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Recovery through innovation: key people skills

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“We’ll stick to what we know (or hide until it goes away)”

Recent research by the always excellent McKinsey* group has shown that in the current Covid crisis, many organisations are hunkering down and focusing on their core activities – and cost savings. The first response will be to batten down the hatches and do what we’re really good at. That includes saving cash and hiding under the bedcovers until it all goes away. However, the research shows that there is a very strong case for recovery through innovation.

McKinsey interviewed leaders and strategists from 200 organisations in various sectors.  The findings that caught my eye were:

  • The great majority of executives (90%) interviewed believe the crisis will fundamentally change how they do business over the next 5 years.
  • More than 75% of respondents agreed that they will be looking for the changes to provide an opportunity for growth.
  • Only one-fifth of those interviewed agreed that they have “the expertise, resources and commitment” to implement new growth through innovation.
  • Commitment to innovation as a priority item has fallen from 55% before the crisis to 23% now.

Why does recovery through innovation matter?

Research from the 2008 financial crisis shows that companies that innovated outperformed the market by up to 10% during the crisis. Moreover, in subsequent years, they did so by 30% in subsequent years.

The current crisis has therefore highlighted the need for competence in:

  • Adapting the core to meet new customer needs
  • The need for new offerings
  • Changes in customer behaviour, and
  • Influx of competitors from other industries

So what’s the big People challenge for recovery through innovation and creativity?

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Creating and chasing opportunities will require innovation; athe big issue for people professionals is that fewer than 30% of the executives interviewed felt confident they are ready to address these challenges.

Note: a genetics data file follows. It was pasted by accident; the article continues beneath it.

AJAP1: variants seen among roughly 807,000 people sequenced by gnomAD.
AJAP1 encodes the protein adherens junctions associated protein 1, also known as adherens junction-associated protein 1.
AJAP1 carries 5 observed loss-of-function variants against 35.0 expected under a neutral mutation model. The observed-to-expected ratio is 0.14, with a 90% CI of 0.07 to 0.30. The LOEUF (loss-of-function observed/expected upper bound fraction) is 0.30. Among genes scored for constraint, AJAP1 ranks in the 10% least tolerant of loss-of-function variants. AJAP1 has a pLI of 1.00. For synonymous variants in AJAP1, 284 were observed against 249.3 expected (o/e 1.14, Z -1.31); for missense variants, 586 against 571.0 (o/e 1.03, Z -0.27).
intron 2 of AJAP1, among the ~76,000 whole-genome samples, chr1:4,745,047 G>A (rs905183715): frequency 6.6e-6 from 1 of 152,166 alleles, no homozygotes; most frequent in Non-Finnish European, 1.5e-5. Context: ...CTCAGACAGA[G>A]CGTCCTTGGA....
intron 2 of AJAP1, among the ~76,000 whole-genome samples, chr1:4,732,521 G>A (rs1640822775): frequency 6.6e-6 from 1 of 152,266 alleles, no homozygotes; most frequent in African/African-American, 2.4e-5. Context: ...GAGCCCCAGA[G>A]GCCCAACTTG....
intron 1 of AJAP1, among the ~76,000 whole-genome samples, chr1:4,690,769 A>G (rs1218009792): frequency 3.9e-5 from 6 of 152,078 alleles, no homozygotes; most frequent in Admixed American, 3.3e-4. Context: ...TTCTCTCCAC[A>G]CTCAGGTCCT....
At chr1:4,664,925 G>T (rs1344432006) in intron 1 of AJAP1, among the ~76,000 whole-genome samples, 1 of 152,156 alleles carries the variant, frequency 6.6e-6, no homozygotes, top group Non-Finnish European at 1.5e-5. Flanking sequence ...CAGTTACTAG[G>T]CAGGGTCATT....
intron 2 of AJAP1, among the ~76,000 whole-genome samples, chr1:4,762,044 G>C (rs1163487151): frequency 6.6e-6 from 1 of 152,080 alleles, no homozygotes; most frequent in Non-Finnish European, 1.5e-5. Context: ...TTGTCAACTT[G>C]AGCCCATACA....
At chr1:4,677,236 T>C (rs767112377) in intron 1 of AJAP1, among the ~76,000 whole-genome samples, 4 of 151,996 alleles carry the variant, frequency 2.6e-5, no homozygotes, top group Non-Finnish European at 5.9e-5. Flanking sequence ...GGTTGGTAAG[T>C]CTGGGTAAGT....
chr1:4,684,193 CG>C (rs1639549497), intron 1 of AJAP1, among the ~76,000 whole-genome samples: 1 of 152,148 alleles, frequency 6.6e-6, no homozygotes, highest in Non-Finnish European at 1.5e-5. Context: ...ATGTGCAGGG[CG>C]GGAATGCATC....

So as People professionals working in HR, Learning & Development, and Talent, we need to ask ourselves

  • First, does our organisation have a plan for focusing on innovation as part of our strategy?
  • Secondly, does our leadership/talent population have the skills to respond to the innovation challenges?
  • Following on from this, will we assess innovation skills and their levels of competence now and in the future?
  • The next question is does our organisation enable employee  innovation skills to be used and built into key practices and processes? As the McKinsey article asks: “ are your people motivated, rewarded and organised to innovate repeatedly”
  • Following on from these, is the culture ready and agile enough to start thinking and acting on innovation, and if not, how will we do this?
  • Next, are our leaders equipped to develop their teams’ innovation mindset and skills?
  • Consequently, does our organisation recognise and encourage innovation skills at every stage of the employee journey?
  • Finally, do we have a plan to persuade key decision makers of the importance of innovation?

Get started with innovation models, and customise to your needs

For McKinsey, innovation is a combination of eight practices, as follows:

Innovation essentials

Different sectors have different challenges. So a good approach would be to take a model adapt for your business and sector. The practices above are high-level. We can break each down into a number of more detailed behaviours, skills and attributes that show the ability to innovate.

Here are examples of more detailed behaviour and skills that can define and  identify, and initiate through innovation:

  • Brings the creative ideas of others to the table
  • Encourages effective idea generation and brainstorming
  • Uses and encourages others to use experimentation
  • Is open to the creative ideas of colleagues and others
  • Can step back from current ways of doing things to imagine new ones
  • Encourages and learns from failures and mistakes
  • Moves on quickly from solutions that do not work
  • Understands customers and the market/sector
  • Demonstrates curiosity by studying innovation in other fields/sectors
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Innovation will be the key to recovery future and success

All organisations and their people are going to need to be more robust, creative and innovative to survive and succeed. To make this happen, we can start supporting recovery through innovation now by building the right skillsets and competencies.

Here are more resources on the topic of innovation:

*Innovation in a crisis: Why it is more critical than ever. McKinsey Article, 17 June 2020

Ericsson: 5 key steps to creating an innovation mindset’

Diversity Is a Key Driver of Innovation: Forbes’

And for a slightly left-field view, ‘Why diversity isn’t the real key to innovation’

Jo Ayoubi is a specialist 360 feedback and skills assessment, and CEO of Track 360.

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